# ...
    yield self if block_given?
  end
end

I can easily subclass the above and add an extra argument via:

class B < A
  def initialize(foo, bar = nil)
    # ...
    super(foo)
  end
end

I don't even have to know whether A takes a block or not, Ruby takes care of it.

With the proposed change however, it becomes my responsibility. Almost every time I use super(...) I have to remember passing the block. The above code would become:

class B < A
  def initialize(foo, bar = nil, &block)
    # ...
    super(foo, &block)
  end
end

Adding an explicit &block (and therefore creating a Proc object) for the sake of passing it along is something I'd like to avoid.


BTW, if you really have to remove all arguments including the block argument, it's merely:

super(&nil)

That looks just fine to me.

Updated by sawa (Tsuyoshi Sawada) 6 months ago

sos4nt (Stefan Schüßler) wrote:

With the proposed change however, it becomes my responsibility. Almost every time I use super(...) I have to remember passing the block. The above code would become:

class B < A
  def initialize(foo, bar = nil, &block)
    # ...
    super(foo, &block)
  end
end

In such case, i.e., when you don't want to take the responsibility of managing the arguments and blocks, I think you should use super, not super(foo, &block). Using super() is a way to explicitly take care of the arguments, and it is counter-intuitive and inconsistent to let only the block be passed automatically.

Updated by sos4nt (Stefan Schüßler) 6 months ago

sawa (Tsuyoshi Sawada) wrote:

In such case, i.e., when you don't want to take the responsibility of managing the arguments and blocks, I think you should use super, not super(foo, &block)

Calling super (without parentheses) would pass two arguments (foo and bar) to the super method which only takes one argument, resulting in an ArgumentError.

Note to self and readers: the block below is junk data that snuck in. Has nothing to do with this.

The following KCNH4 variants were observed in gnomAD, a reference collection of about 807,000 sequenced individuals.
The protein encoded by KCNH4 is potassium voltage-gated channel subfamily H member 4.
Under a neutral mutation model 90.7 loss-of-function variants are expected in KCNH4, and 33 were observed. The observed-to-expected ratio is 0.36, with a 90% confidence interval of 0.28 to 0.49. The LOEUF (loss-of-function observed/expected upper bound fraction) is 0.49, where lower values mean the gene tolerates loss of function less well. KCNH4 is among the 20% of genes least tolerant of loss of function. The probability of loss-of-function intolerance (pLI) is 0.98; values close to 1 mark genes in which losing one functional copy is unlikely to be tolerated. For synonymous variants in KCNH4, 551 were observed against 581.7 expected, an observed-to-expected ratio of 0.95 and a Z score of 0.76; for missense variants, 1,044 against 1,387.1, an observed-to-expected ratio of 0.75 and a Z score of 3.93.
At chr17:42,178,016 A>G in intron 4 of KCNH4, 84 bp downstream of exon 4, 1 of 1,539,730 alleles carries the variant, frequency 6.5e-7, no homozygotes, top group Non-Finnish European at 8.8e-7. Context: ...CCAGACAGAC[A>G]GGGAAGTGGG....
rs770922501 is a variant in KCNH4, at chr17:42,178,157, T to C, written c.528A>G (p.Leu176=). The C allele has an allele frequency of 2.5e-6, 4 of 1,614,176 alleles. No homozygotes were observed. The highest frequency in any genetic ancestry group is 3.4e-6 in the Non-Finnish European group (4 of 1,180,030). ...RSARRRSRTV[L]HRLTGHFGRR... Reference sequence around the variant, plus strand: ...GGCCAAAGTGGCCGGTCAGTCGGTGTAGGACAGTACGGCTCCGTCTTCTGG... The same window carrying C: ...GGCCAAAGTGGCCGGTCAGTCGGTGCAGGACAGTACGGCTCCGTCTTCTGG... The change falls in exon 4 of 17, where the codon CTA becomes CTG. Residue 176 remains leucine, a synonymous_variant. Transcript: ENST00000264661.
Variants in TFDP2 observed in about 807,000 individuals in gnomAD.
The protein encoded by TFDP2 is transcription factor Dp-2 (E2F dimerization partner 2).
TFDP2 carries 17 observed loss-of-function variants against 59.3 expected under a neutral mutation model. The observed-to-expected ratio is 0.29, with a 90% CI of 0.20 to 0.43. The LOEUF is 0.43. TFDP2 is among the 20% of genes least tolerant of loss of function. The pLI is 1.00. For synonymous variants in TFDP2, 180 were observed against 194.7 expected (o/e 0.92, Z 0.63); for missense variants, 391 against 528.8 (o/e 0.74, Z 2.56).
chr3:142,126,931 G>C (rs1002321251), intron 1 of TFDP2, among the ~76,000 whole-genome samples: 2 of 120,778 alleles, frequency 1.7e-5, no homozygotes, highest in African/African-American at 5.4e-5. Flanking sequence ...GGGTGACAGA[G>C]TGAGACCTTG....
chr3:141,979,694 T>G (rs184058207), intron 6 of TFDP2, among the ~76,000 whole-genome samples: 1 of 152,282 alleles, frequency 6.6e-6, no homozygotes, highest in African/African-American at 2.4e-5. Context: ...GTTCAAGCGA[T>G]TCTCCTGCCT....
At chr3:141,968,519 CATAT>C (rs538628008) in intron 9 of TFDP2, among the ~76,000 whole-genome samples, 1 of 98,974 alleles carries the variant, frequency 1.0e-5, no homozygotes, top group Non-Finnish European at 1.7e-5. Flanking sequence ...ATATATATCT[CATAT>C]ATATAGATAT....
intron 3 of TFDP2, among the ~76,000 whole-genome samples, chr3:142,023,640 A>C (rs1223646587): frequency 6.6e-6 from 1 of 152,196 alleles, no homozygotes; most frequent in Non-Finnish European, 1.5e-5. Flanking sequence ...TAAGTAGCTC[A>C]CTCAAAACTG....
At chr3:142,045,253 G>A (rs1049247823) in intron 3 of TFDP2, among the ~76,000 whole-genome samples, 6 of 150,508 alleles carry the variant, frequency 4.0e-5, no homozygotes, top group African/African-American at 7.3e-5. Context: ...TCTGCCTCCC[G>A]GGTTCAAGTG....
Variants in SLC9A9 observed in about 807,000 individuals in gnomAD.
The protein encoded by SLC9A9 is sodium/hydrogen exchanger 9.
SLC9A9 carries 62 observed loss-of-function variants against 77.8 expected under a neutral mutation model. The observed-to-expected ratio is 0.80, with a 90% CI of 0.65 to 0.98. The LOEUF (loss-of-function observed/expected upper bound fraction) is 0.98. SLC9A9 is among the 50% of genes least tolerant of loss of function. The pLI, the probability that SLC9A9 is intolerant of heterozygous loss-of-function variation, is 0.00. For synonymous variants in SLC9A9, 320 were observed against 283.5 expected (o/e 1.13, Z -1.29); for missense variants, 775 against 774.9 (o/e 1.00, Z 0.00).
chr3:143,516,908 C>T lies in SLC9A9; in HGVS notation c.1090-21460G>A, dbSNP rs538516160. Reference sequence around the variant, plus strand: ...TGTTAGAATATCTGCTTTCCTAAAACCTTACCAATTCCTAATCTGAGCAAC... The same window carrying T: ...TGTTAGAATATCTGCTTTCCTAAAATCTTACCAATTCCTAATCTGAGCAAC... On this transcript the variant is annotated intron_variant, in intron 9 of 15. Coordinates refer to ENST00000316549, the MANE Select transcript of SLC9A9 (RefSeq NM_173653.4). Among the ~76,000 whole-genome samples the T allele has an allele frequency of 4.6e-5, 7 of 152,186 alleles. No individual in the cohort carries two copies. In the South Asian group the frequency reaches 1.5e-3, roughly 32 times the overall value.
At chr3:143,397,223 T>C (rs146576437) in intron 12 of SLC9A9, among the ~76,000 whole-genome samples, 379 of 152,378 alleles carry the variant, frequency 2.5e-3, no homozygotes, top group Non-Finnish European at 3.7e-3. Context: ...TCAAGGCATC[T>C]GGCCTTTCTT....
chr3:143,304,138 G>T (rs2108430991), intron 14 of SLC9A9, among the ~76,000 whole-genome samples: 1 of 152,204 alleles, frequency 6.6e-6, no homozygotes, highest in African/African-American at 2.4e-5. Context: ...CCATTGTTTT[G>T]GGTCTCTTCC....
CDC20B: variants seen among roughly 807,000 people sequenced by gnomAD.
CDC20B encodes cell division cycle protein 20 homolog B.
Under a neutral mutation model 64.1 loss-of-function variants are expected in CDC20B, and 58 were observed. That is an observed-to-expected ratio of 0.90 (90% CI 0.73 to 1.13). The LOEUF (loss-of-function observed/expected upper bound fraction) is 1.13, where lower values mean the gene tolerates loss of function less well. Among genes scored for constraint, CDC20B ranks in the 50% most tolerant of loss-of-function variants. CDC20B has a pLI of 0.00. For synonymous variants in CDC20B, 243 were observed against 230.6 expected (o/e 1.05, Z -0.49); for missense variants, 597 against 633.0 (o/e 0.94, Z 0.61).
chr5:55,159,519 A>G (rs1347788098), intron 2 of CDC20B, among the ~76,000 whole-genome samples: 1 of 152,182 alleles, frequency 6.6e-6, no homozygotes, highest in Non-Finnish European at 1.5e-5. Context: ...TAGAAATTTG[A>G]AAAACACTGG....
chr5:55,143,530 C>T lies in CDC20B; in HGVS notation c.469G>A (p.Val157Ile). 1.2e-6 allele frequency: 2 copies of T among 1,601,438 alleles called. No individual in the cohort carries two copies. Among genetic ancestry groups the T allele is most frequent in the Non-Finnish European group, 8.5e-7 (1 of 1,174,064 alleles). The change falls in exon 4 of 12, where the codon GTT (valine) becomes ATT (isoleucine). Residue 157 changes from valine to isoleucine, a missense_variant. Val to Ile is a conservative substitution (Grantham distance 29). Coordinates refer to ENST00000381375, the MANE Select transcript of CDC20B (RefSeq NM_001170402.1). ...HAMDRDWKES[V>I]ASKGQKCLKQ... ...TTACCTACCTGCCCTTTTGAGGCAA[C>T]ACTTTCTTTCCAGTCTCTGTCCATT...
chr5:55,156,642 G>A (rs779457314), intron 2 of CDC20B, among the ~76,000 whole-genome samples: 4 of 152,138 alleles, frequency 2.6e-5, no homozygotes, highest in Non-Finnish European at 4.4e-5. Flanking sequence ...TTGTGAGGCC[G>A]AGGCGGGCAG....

#9

Updated by sawa (Tsuyoshi Sawada) 6 months ago

sos4nt (Stefan Schüßler) wrote:

Calling super (without parentheses) would pass two arguments (foo and bar) to the super method which only takes one argument, resulting in an ArgumentError.

In such case, you do need explicit control of which arguments to pass. And it is inconsistent that you want to take care of the arguments but not the block.

Updated by Eregon (Benoit Daloze) 6 months ago

duerst (Martin Dürst) wrote:

Until quite recently, using an explicit block parameter was (considered to be?) less efficient than an implicit block parameter.

I think this is a relevant point and might be part of the reason many codebases don't use an explicit block parameter to call super().

sawa (Tsuyoshi Sawada) wrote:

But we can explicitly pass yield, can't we?

That creates another block as overhead, if you mean super(a, b) { yield }, and that doesn't forward block arguments correctly, so it's not a solution.

In any case, I think before taking any final decision on this proposal we need to test multiple gems to estimate the compatibility impact.
Fixing stdlib for this change might also illustrate how much has to be fixed, although stdlib is very little Ruby code compared to all gems.

Updated by sos4nt (Stefan Schüßler) 6 months ago

sawa (Tsuyoshi Sawada) wrote:

[...] it is inconsistent that you want to take care of the arguments but not the block.

When overriding a method, I try to preserve its signature. Therefore, I usually use super and I sometimes use super(...) with optional arguments as shown above. But having to unset a block via super(&nil) happens once in a blue moon.

My point is: it might be inconsistent, but it is a good inconsistency. It does what you almost always want.

And since super is a keyword, I think it can get away with it.